One of my favorite concepts is called “two-handed giving.” Leaving no hand open for receiving. The height of altruism.
Gifts of inheritance are more like heavy parcels that abseil from the sky. They knock us over, and we’re forced to claim them, carry them. Are they appreciated? It remains to be seen. They are definitely nonreturnable.
Vladimir Nabokov believed that memory—or more specifically, “the act of vividly recalling a patch of the past”—was a hereditary trait.
His British contemporary, Graham Greene, a novelist who often explored childhood emotions as a means to understand the adult, claimed he inherited a fear of bats and birds from his mother, while Penelope Lively surmised her love of gardening was inherited through the female line.
Meanwhile in stories skimmed from his childhood, Roald Dahl credited his love of nature to his father’s overwhelming need to take his pregnant wife for “glorious walks” in the woods, hoping an in vitro experience of beauty would take hold.
What are gifts of inheritance? How do they affect us? Do they make us who we are?
Genetics, snapshots, keepsakes, spaces. The physical things we inherit, keep, claim, and pass on.
But what about nonphysical items?
What we really inherit is consciousness. A sense of who we are.1
you look just like your mother
I guess I do carry her tenderness well…
From Rupi Kaur’s Milk and Honey
This inheritance anchors us. It is so fundamental to our sense of self and our connection to who we imagine as our “kin” that we fail to see it as its own thing—like a mirror that shows everything but itself.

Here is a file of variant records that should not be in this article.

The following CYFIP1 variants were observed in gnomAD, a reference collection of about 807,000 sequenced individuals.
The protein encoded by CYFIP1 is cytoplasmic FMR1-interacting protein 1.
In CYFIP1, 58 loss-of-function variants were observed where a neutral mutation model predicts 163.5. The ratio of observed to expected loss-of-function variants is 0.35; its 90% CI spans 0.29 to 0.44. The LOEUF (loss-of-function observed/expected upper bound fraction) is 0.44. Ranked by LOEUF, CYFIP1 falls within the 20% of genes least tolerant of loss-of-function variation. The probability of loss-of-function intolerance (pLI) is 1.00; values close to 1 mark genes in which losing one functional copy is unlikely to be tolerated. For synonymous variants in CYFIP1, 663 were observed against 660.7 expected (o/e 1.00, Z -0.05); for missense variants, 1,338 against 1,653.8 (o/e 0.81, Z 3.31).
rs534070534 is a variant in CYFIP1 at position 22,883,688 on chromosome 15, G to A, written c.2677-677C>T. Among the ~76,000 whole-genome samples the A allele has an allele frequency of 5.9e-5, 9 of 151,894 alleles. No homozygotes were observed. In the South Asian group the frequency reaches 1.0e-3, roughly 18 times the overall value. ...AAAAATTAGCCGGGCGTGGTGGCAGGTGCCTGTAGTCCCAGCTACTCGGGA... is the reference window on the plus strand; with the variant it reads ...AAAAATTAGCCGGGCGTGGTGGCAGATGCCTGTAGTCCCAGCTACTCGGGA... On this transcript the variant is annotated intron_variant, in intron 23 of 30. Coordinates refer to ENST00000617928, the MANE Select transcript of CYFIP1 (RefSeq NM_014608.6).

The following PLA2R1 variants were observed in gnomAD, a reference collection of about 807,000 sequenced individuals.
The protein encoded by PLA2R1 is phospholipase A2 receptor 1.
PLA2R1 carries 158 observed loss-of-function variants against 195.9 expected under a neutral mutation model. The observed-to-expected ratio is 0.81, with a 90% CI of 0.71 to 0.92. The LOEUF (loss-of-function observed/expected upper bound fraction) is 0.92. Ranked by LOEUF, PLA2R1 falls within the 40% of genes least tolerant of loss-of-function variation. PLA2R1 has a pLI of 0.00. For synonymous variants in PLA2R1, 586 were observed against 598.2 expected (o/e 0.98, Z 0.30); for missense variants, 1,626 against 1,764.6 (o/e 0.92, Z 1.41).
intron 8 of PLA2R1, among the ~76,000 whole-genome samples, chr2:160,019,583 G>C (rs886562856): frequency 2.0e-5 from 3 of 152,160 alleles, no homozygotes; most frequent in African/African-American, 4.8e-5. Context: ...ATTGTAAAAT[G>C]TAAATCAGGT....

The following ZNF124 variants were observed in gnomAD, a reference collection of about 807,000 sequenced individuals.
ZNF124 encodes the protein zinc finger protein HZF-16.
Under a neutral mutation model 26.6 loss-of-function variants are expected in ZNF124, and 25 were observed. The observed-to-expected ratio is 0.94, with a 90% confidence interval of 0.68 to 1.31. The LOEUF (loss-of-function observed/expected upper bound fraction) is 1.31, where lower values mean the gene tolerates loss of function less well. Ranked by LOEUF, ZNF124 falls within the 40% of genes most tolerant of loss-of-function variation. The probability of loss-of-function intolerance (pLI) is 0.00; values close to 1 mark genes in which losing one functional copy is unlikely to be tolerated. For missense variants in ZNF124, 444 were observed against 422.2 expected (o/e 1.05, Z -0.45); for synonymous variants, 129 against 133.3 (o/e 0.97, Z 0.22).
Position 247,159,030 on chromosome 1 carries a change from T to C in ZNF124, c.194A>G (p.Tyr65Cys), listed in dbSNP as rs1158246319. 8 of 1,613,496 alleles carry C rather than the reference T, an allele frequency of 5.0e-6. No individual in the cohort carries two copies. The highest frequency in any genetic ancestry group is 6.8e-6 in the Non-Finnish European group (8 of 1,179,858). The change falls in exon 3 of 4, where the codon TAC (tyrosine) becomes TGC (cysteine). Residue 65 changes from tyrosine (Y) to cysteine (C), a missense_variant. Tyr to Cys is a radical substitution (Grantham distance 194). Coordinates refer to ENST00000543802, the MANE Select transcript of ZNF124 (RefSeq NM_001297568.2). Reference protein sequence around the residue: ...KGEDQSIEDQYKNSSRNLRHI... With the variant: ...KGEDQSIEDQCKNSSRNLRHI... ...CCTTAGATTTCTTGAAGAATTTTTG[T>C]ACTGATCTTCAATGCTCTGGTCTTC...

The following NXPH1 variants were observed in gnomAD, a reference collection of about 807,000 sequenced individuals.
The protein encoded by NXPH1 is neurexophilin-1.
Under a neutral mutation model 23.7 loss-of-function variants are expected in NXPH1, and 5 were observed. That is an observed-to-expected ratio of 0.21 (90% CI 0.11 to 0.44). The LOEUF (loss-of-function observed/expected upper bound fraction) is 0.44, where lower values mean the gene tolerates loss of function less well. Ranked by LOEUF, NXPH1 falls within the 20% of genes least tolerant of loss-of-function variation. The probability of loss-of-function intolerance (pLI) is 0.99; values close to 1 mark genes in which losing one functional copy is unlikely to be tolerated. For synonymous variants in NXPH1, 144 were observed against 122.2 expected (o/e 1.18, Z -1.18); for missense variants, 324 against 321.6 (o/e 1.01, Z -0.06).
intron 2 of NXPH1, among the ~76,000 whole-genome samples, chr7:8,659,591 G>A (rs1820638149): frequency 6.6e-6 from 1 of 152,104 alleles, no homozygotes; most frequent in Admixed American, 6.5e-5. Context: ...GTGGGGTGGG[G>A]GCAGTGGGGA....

Until, like a mirror, it shatters.
When a genetic test proved beyond doubt that writer Dani Shapiro was not related to the father who raised her, she undergoes a disintegration of identity and an investigation of truth and a reconstruction of self.
“If my father wasn’t my father, who was my father? If my father wasn’t my father, who was I?” Shapiro demands and tries to answer.
I woke up one morning and life was as I had always known it to be. There were certain things I thought I could count on. I looked at my hand, for example, and I knew it was my hand. My foot was my foot. My face, my face. My history, my history. After all, it’s impossible to know the future, but we can be reasonably sure about the past.
By the time I went to bed that night, my entire history—the life I had lived—had crumbled beneath me, like the buried ruins of an ancient forgotten city.
From Dani Shapiro’s Inheritance
Shapiro’s sense of self becomes so fractured that she feels physical detachment. “My body wasn’t my body,” she mourns. As she reassembles her new self, piecing together what happened, and what it means, Shapiro tries to make sense of what her parents knew, especially her father. She ultimately finds empathy towards herself by extending it to someone else first.
Did she learn that empathy from her father?
Where did you get those big eyes?My mother.And where did you get those lips?My mother.And the loneliness?My mother.And that broken heart?My mother.And the absence, where did you get that?My father.
From Warsan Shire’s “Inheritance”
For most of us, inheritance is more than genes; it’s the steadfast progression of what others—our caregivers, teachers, relatives—want for us.
Principles. Boundaries. Morals. Direction. Happiness.